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Herbert v. Lando

The State Of The Law In 1979

Several years prior to this case, the Supreme Court had decided a landmark defamation case, New York Times v. Sullivan (1964), which distinguished "public officials" from private individuals in actions for defamation. In essence, the Court ruled that some First Amendment protections were to be afforded to speech and the press (media) in the reporting of news or information about public officials relating to their official conduct (the "honest error" defense). Accordingly, a public official who alleged defamation had the burden of proving that false statements were made with "actual malice," and were not "honest errors." This evidence burden was extended to "public figures" in two subsequent cases, Curtis Publishing Co. v. Butts (1967) and Associated Press v. Walker (1967). By the criteria outlined in these cases, Herbert was clearly a "public figure," which he readily acknowledged.

According to these decisions, in order to prove "actual malice" in a defamation case, plaintiffs such as Herbert had to prove that the defendants published a false statement about them "with knowledge that it was false" or "with reckless disregard of whether it was false or not." Herbert readily conceded that this was his burden. However, it was Herbert's argument that, in order to prove the prerequisite "actual malice," he needed to gain access to information about the editorial process, particularly information about the thoughts, opinions, and conclusions of those who gathered information about Herbert and discussed it with their editorial colleagues. Conversely, defendants argued that the First Amendment precluded inquiry into these areas, that an absolute privilege should protect them from disclosure, and further, that submission to petitioner's inquiries would place substantial burden and cost upon defendants. They also argued that to not allow such a protective privilege would result in a "chilling effect" on the editorial process, would cause undue self-censorship, and would cause the suppression of truthful material.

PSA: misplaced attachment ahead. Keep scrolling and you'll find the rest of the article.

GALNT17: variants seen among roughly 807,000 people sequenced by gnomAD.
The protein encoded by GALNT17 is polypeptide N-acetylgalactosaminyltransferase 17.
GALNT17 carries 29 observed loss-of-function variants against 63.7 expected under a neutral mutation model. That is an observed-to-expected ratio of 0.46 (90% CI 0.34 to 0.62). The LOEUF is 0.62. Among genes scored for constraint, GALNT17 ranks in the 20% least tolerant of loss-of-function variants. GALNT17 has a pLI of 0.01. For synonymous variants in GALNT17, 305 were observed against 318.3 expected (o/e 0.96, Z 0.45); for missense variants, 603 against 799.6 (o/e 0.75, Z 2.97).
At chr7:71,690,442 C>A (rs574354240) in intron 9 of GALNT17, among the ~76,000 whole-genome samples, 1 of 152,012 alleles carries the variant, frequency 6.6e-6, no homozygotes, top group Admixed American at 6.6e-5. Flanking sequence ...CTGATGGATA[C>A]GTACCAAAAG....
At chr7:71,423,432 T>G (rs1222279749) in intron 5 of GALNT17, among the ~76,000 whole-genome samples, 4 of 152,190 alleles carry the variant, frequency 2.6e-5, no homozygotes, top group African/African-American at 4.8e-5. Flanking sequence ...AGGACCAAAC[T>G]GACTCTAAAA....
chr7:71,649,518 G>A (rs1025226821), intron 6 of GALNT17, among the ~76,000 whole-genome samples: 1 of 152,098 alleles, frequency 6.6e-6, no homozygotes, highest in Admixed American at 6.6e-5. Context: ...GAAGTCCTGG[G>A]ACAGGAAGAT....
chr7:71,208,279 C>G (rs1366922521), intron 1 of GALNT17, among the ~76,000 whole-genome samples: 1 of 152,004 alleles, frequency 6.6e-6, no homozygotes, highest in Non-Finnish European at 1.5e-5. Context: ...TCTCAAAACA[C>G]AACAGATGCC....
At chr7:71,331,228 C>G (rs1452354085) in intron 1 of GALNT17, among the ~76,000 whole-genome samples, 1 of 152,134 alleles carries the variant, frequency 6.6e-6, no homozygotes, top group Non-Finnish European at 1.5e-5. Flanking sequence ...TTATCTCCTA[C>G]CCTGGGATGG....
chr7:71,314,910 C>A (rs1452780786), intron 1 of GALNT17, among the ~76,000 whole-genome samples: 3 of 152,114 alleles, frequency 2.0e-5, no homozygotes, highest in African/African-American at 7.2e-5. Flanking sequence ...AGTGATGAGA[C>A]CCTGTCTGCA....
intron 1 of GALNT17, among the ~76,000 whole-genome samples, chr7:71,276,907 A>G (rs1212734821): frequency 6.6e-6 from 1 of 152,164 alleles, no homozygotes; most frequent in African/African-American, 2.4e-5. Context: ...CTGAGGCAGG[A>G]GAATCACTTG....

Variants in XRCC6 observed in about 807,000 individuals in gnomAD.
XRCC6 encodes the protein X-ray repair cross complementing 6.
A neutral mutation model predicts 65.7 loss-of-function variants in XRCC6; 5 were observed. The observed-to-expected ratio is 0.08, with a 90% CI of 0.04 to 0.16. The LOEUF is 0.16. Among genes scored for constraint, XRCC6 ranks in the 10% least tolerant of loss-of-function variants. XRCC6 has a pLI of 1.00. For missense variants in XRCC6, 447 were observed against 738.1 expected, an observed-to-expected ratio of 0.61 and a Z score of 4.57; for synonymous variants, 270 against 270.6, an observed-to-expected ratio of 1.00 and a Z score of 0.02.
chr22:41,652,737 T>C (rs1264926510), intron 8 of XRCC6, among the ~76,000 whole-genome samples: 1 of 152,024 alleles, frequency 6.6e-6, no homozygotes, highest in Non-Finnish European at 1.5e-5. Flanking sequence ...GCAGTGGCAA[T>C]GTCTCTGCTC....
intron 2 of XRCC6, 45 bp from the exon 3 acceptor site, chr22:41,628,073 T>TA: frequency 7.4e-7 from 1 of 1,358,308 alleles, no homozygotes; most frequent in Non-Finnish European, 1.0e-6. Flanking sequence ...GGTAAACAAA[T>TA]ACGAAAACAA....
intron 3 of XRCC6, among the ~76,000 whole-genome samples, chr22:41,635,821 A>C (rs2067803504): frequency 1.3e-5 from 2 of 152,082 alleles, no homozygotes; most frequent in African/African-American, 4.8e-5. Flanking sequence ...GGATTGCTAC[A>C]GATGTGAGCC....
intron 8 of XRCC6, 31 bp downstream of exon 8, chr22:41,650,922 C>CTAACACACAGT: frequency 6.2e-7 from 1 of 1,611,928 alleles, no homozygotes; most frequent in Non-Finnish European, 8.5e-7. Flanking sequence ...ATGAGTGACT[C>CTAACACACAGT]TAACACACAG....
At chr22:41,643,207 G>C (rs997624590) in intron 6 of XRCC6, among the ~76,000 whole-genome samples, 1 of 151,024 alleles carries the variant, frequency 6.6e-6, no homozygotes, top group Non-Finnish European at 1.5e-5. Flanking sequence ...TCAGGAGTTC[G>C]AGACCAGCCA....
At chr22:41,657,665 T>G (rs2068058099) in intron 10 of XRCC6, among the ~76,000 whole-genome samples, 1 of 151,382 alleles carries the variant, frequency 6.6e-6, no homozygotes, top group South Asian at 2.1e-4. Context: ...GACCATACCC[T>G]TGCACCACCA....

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Law Library - American Law and Legal InformationNotable Trials and Court Cases - 1973 to 1980Herbert v. Lando - Significance, Significant Facts, The State Of The Law In 1979, The Court's Analysis